The Future is Bright for Probiotics
Posted 2nd December 2019 by Joshua Sewell
I am extremely sceptical of all claims about probiotics. For the last 10 years of running Probiotics.org, companies have been sending me questionable products with extraordinarily impossible to believe claims.
But, after Global Engage’s 4th Probiotic & Prebiotics Congress, here’s what I strongly believe:
- There is a $40, 30-day supplement for newborns that can severely decrease the odds of allergies later in life.
- Food allergies are likely caused by being low in certain probiotic strains.
I’m going to briefly cover what I found interesting at this conference. In part 1 I will cover probiotics. In part 2, I will cover prebiotics, metabolites and drugs derived from probiotics.
Modulating a Newborn’s Inflammation Baseline With Using B Infantis + Breast Milk
Dr. Bruce German and Dr. David Kyle gave back-to-back keynote lectures on the relationship between infant health, breast milk and B infantis.
Together, they made a strong case that if a child is given breast milk, along with B infantis, the risk of allergies for the child is much lower. It seems that this combination, especially if administered to the infant soon after birth, reduces markers of inflammation.
Unfortunately, if B infantis is not present in the newborn’s intestines, then breast feeding does not have this strong anti-inflammatory effect (though it has other benefits over other formula alternatives).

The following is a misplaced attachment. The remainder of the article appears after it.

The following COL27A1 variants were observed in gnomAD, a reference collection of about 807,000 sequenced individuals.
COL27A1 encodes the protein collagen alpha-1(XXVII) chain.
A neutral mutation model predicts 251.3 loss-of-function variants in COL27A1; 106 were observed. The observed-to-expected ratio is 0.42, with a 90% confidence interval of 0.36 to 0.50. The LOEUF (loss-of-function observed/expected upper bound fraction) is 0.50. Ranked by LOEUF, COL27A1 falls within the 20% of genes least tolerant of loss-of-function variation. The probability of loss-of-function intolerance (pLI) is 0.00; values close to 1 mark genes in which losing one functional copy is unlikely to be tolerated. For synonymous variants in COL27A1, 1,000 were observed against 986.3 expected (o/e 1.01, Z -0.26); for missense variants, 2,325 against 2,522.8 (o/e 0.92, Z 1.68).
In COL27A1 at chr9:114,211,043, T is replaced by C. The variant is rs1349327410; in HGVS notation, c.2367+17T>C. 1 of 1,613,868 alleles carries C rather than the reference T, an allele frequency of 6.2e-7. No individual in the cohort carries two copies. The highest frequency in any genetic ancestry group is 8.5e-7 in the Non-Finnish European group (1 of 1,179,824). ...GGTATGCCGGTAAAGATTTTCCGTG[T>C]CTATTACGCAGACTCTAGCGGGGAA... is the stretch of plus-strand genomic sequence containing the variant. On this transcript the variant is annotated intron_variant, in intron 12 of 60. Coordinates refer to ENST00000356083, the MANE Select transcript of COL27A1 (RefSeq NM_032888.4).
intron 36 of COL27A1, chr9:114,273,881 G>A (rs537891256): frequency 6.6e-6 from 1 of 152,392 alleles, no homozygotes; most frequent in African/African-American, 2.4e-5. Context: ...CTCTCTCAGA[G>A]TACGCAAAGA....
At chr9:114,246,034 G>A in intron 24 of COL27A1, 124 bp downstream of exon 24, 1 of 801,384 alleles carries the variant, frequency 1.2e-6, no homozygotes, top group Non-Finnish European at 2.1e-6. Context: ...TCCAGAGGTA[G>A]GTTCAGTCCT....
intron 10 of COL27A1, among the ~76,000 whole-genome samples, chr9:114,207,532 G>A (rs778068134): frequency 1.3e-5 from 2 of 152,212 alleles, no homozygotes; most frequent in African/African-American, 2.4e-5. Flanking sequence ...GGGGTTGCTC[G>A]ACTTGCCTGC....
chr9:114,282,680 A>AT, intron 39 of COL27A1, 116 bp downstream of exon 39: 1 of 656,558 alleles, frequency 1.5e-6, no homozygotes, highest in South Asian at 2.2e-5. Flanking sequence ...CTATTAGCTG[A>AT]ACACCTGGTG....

Conversely, if B infantis is present, but a baby is not fed breast milk, then B infantis can’t aggressively colonize the infant’s intestines, and the infant’s chance of allergies will likely be much higher.
This work is based on multiple clinical studies that have well-powered statistics with seriously large clinical effects.
According to their talk, ~90% of infants at birth lack B infantis. Meaning that >9/10 infants today are lacking this vital probiotic species. Given the cost and efficacy of this treatment, I hope this is given to ~100% of infants in the USA.
I want to compliment both Bruce German and David Kyle on how well they constructed the narrative in their talks. The stories they told were compelling, the claims they made were back by data, and their B infantis product from Evivo seems to have a benefit-to-cost ratio that is as high as Mt. Everest is tall.
The Microbiome Relationship to Food Allergies
Azza A Gadir hosted a round table discussion on her work showing the relationship between food allergies (FA), and the microbiome.
In her research, she analyzed a group of children who had food allergies, and compared their microbiome to another group of children who didn’t seem to have food allergies.
The group of infants with FA had common deficiencies in some probiotic species compared to the non-FA children, implying a certain type of dysbiosis. By supplementing those lacking probiotic species, she could reverse food allergies in infants.
This worked in both a mouse infant model and human infants as well. In the mice, CRISPR was used to delete Myd88 or Rorc in Treg cells. Once Treg pathway was deleted, then mouse infants with FA no longer reversed FA with supplementation of those same probiotic species.
It’s really exciting that probiotic treatment can potentially help reverse food allergies. I am very excited by this line of research.
Microbiome Genetic Standardization Problem and FMT Metabolites
James Burgess of Finch Therapeutics hosted a fascinating round table on FMT and related subjects. James co-founded the OpenBiome, the largest FMT bank that has supported dozens of clinical trials
He shared with me that there was a small trial ~5 people with Cdiff who were given an FMT transplant, but the bacteria were removed from the FMT. In this study, there was no recurrence of Cdiff, pointing to a different MoA than the probiotic component for treating Cdiff with FMT.